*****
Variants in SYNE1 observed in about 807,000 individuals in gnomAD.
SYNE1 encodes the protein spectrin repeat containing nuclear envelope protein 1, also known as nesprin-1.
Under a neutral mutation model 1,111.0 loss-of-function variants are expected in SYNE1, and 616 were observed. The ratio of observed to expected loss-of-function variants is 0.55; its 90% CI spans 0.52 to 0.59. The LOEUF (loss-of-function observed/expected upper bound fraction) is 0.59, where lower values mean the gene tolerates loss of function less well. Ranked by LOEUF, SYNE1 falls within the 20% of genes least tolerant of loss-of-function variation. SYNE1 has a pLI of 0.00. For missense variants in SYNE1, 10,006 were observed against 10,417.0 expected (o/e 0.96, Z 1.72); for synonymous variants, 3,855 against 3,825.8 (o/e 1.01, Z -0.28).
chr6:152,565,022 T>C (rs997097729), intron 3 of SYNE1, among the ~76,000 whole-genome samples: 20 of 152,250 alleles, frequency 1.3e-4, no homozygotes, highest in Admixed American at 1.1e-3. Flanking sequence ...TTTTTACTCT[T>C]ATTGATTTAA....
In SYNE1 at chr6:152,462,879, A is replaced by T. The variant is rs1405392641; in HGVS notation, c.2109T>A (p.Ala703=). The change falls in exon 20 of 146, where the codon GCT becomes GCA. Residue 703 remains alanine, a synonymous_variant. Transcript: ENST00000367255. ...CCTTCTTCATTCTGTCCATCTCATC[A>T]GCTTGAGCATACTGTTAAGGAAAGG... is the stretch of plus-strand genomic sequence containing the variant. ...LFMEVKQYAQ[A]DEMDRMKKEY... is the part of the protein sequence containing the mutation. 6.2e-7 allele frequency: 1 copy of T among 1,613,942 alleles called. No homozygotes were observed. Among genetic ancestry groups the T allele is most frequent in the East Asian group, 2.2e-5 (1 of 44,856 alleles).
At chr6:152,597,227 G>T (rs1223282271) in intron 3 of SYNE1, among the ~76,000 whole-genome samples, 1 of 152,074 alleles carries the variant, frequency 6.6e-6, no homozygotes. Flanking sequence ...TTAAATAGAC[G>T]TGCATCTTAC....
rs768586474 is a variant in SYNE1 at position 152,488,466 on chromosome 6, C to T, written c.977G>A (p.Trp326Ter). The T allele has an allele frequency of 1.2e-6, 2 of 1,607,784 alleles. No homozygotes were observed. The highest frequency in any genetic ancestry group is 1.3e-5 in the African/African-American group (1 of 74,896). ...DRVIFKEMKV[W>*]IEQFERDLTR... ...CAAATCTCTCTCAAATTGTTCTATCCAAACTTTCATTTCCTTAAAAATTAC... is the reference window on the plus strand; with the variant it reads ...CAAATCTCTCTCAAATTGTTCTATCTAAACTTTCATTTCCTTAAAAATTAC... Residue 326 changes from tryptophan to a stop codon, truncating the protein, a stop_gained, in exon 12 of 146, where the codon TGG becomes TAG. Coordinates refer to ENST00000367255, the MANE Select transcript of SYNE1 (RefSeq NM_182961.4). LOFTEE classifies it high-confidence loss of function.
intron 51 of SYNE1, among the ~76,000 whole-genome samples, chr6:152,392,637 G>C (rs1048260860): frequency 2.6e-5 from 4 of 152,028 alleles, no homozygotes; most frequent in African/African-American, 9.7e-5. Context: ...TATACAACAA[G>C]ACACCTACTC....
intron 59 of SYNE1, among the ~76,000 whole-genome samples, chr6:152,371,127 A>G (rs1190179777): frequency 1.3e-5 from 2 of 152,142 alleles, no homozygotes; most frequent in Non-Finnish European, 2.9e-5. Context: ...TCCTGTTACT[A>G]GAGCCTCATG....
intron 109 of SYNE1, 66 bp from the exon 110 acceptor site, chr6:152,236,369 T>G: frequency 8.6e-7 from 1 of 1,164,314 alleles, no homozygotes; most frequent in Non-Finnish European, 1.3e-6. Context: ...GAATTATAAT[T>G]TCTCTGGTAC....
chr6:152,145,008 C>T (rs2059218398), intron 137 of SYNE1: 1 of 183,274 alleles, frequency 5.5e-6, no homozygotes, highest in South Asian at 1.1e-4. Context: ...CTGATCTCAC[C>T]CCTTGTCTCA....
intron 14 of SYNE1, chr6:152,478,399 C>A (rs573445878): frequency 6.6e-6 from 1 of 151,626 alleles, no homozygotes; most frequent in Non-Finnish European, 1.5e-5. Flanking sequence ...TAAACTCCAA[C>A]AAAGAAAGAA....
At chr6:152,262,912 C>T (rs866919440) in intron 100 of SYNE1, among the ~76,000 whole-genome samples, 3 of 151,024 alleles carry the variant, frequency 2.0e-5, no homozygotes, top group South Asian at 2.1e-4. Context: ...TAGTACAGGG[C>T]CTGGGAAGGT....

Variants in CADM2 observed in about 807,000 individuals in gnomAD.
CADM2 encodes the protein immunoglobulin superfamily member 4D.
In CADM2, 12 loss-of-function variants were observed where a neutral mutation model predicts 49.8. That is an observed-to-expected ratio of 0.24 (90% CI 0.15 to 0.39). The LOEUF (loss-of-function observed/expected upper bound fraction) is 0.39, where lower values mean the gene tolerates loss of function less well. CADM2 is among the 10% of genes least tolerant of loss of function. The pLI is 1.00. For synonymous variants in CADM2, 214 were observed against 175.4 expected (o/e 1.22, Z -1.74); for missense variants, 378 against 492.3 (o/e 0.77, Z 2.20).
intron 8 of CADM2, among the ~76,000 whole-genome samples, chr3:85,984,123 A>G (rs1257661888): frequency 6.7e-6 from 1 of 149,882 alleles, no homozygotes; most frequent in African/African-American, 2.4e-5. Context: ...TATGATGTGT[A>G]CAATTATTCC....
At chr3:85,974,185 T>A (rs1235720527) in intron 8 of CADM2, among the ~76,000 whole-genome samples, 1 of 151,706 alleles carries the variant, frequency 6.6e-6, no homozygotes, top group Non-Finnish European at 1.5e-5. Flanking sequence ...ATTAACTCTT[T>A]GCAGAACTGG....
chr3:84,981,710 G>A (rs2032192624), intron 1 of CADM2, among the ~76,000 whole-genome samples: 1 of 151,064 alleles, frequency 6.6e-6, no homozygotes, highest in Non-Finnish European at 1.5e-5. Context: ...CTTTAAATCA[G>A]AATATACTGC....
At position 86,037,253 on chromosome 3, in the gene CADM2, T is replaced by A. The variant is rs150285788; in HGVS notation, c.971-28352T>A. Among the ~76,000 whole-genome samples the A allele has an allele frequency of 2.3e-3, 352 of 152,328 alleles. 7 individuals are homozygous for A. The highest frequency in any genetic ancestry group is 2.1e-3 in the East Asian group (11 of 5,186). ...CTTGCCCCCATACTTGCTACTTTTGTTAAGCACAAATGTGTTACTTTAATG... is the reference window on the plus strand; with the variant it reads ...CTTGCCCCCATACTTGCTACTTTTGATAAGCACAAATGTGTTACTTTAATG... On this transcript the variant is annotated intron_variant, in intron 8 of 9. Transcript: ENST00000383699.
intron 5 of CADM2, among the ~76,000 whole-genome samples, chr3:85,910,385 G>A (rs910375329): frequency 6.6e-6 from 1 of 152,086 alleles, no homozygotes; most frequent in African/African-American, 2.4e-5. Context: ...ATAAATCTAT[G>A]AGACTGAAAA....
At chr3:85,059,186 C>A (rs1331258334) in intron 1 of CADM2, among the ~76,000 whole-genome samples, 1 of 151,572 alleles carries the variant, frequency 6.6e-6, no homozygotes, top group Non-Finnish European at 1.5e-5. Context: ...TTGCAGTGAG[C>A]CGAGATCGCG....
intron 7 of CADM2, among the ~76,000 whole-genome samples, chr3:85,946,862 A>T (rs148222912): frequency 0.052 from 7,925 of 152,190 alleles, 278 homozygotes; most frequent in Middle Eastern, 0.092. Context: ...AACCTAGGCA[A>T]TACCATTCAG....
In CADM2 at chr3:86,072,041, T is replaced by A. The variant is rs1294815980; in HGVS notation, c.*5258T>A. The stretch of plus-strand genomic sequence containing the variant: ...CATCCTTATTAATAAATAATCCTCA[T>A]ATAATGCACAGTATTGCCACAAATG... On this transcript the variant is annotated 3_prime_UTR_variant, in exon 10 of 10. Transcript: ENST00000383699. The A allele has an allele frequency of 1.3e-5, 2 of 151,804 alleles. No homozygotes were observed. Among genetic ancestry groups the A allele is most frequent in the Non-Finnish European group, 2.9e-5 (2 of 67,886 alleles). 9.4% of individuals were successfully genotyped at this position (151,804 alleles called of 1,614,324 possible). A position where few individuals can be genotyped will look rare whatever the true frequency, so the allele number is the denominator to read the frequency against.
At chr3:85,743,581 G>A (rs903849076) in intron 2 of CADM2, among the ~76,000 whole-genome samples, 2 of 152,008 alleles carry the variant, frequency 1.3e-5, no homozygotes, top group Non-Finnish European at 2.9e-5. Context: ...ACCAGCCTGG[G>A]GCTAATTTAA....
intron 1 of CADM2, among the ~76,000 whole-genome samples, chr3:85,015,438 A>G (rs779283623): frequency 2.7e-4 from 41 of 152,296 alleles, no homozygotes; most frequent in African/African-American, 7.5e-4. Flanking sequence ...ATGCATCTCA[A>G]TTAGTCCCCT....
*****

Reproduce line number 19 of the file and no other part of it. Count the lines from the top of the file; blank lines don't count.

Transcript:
chr3:84,981,710 G>A (rs2032192624), intron 1 of CADM2, among the ~76,000 whole-genome samples: 1 of 151,064 alleles, frequency 6.6e-6, no homozygotes, highest in Non-Finnish European at 1.5e-5. Context: ...CTTTAAATCA[G>A]AATATACTGC....